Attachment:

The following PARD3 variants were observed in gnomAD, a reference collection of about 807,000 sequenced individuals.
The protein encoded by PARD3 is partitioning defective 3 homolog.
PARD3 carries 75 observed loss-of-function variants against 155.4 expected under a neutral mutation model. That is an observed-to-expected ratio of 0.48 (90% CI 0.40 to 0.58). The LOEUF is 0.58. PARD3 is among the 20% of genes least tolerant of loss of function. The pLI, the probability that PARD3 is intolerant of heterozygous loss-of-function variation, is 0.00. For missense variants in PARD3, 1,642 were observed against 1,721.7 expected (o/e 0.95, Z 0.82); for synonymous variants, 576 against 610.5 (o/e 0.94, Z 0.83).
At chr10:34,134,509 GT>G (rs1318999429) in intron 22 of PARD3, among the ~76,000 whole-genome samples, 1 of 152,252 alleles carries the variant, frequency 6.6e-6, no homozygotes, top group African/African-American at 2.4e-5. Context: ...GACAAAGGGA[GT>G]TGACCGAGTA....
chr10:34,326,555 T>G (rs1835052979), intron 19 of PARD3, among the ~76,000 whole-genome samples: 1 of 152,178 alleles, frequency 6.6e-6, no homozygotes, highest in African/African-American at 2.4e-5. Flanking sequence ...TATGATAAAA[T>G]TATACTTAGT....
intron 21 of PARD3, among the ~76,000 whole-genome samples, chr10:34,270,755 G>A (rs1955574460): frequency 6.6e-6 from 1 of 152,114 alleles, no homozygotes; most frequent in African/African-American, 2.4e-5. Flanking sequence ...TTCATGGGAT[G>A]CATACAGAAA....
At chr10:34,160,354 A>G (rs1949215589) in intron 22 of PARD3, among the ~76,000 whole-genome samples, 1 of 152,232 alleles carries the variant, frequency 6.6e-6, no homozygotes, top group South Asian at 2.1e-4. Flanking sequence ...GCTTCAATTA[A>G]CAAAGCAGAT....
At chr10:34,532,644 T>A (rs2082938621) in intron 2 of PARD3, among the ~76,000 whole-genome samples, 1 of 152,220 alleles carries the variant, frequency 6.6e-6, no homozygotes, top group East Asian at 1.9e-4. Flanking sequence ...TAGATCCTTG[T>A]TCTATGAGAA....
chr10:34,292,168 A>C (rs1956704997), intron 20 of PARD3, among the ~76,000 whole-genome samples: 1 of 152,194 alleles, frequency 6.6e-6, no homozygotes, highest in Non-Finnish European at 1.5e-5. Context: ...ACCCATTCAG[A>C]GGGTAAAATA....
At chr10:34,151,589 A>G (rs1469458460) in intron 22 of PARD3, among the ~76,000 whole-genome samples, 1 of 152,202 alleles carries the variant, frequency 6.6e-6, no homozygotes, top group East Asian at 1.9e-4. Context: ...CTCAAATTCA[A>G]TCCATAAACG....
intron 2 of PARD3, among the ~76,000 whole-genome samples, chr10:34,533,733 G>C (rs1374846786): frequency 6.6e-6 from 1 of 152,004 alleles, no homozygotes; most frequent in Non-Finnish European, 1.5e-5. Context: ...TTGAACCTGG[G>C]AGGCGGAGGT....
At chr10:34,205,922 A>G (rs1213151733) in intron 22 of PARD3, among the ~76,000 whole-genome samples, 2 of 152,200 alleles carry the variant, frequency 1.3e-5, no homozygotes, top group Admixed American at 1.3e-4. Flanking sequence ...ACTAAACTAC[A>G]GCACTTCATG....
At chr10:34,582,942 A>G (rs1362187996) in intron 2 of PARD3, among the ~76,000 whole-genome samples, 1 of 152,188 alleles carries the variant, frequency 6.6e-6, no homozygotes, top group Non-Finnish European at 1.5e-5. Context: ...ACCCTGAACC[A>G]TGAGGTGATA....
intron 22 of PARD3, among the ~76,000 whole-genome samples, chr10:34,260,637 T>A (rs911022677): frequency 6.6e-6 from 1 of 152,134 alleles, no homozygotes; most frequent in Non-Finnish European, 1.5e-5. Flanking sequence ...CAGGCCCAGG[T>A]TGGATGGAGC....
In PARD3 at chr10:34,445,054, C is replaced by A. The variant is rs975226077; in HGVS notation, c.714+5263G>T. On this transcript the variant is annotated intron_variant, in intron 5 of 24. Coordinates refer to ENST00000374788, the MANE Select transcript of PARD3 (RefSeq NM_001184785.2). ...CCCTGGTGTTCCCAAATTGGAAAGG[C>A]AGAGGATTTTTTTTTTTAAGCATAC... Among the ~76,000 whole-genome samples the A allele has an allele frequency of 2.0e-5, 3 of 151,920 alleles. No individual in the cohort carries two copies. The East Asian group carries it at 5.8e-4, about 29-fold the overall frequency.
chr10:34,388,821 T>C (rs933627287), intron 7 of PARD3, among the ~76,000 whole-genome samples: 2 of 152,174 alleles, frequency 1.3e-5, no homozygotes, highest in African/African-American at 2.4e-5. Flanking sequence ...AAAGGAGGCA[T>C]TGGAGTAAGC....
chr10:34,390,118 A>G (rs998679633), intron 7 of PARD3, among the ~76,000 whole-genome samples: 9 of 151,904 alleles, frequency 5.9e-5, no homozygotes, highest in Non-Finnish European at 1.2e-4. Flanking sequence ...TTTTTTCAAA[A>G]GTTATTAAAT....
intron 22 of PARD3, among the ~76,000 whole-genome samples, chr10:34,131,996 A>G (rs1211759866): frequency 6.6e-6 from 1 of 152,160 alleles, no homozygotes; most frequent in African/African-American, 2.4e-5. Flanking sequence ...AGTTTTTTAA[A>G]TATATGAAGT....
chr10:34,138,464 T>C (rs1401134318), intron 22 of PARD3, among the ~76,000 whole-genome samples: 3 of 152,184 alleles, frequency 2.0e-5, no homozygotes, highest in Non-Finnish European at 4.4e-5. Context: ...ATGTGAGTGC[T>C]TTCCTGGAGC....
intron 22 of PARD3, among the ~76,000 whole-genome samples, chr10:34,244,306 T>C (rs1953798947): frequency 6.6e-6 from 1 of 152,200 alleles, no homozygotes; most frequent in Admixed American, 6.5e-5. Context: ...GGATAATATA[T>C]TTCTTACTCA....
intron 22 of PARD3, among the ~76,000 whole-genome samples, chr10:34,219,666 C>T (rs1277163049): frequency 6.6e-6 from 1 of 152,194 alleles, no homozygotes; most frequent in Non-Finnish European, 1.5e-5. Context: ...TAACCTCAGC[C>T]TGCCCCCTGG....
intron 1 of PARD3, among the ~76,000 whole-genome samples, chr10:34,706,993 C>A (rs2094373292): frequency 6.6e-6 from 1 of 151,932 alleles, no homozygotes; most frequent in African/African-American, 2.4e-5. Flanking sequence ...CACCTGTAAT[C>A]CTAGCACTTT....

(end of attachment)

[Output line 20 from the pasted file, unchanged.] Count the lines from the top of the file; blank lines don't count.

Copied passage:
intron 22 of PARD3, among the ~76,000 whole-genome samples, chr10:34,244,306 T>C (rs1953798947): frequency 6.6e-6 from 1 of 152,200 alleles, no homozygotes; most frequent in Admixed American, 6.5e-5. Context: ...GGATAATATA[T>C]TTCTTACTCA....